Metallic additive manufacturing applied in the filitration industry

Burns, Neil (2019) Metallic additive manufacturing applied in the filitration industry. Masters thesis, UNSPECIFIED.

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Abstract

Filter media are essential in all industries to prevent contamination and damage of downstream processes as well as to perform separation processes. Filtration is required to remove particulates from fluid, liquid and gas, and for many industrial manufacturing processes mass produced filters do not provide a tailored filtration system to suit their requirements. Bespoke filtration solutions are needed. Customized metal filter production, where batch numbers are small, often from 1 off to a few thousand off, involves individual filter designs, particular tooling for each filter type, plate perforation, forming and welding of filter support as well as the many hand operations in mesh cutting and assembly. One advantage of this process is that the filter media can be tailored to suit operational pressures, environment type and filtration requirement. When a filter is placed in a pipe and fluid pumped through the filter, turbulence occurs and the resistance across the filter, known as the pressure drop, increases and more pumping energy is required. Design alterations may decrease the pressure drop across the filter, making the filter more efficient. Additive Manufacturing (AM) was identified as a technology that had the potential to create novel innovative filters designs that may have a reduced pressure drop. This thesis examines how additive manufacturing may be utilized as a tool to develop novel filter media. A literature review of the types of additive manufacturing technology was undertaken to understand the principles of layer by layer manufacturing. The technical challenges and potential defects in AM components were identified. The investigations in this research utilises Selective Laser Melting (SLM) a powder bed fusion AM technology. For powder bed fusion, the metallic powder, here Stainless Steel 316L (SS316L), has a particle size range of 15-45µm. This combination of sizes ensures a maximal packing within the powder bed, however the AM technology utilized here demonstrated an apparent nonuniform distribution of powder in the bed and this was investigated. Designs for novel filtration media that could reduce the turbulence of fluid flow were created using Design for Additive Manufacturing (DfAM) principles. A novel filter media with holes aligned to the fluid flow was created and the resultant pressure drop across the filter was tested in in a flow test rig. The AM filter design had a reduced pressure drop compared to a conventional filter equivalent. Having demonstrated that AM can be employed to deliver improved filtration, further novel filtration media were designed to increase the open area of the filter. Conventional manufacture of filter media typically comprises of a filter support and woven wire mesh, whose aperture is dependent on the wire diameter and weave. A novel filter 4 with integrated filter support and mesh was designed in a range of sizes. These filters were then tested for pressure drop at increasing flow rates and compared to conventional filters. Integrity of the structural build of these AM filters was carried out using X-Ray CT to determine if the latticework structure was fully formed and without high levels of porosity. Initial trials demonstrated that the AM filters delivered an improvement in filter function however light microscope examination of the latticework determined that the latticework did not have a maximal open area. Further work was carried out to optimize this design including CAD redesign of the repeating units and optimization of build parameters used to build the AM filters. The AM filters were then analysed for latticework strand size, aperture size and tested for overall strength and pressure drop. Surface finishing methods were then trialed for SS316L AM components. The design freedom of Additive Manufacturing has enabled design of novel innovative filtration media that deliver added value through improved function.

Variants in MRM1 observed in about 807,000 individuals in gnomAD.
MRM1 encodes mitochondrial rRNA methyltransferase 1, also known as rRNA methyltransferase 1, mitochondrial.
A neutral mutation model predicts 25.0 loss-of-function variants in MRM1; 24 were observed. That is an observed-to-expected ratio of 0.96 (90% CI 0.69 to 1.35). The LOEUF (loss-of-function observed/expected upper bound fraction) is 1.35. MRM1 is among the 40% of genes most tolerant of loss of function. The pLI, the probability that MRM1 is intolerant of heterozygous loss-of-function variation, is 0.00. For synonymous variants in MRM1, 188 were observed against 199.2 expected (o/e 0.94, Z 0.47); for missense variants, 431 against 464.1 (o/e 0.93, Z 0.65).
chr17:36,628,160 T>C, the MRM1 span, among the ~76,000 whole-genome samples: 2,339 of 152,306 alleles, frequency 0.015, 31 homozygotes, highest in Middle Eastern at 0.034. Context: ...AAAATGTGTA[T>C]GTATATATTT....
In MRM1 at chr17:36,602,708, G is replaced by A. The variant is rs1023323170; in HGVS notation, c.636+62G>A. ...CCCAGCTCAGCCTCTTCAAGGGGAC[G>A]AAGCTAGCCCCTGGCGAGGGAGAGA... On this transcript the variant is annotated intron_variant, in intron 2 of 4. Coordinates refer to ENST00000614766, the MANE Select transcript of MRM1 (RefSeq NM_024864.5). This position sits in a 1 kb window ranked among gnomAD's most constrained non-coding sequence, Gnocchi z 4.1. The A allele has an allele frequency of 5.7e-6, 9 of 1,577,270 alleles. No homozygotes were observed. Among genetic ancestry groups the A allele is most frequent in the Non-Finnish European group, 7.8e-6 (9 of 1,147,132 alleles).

Item Type:
Thesis (Masters)
ID Code:
140171
Deposited By:
Deposited On:
13 Jan 2020 09:15
Refereed?:
No
Published?:
Published
Last Modified:
24 Nov 2020 09:30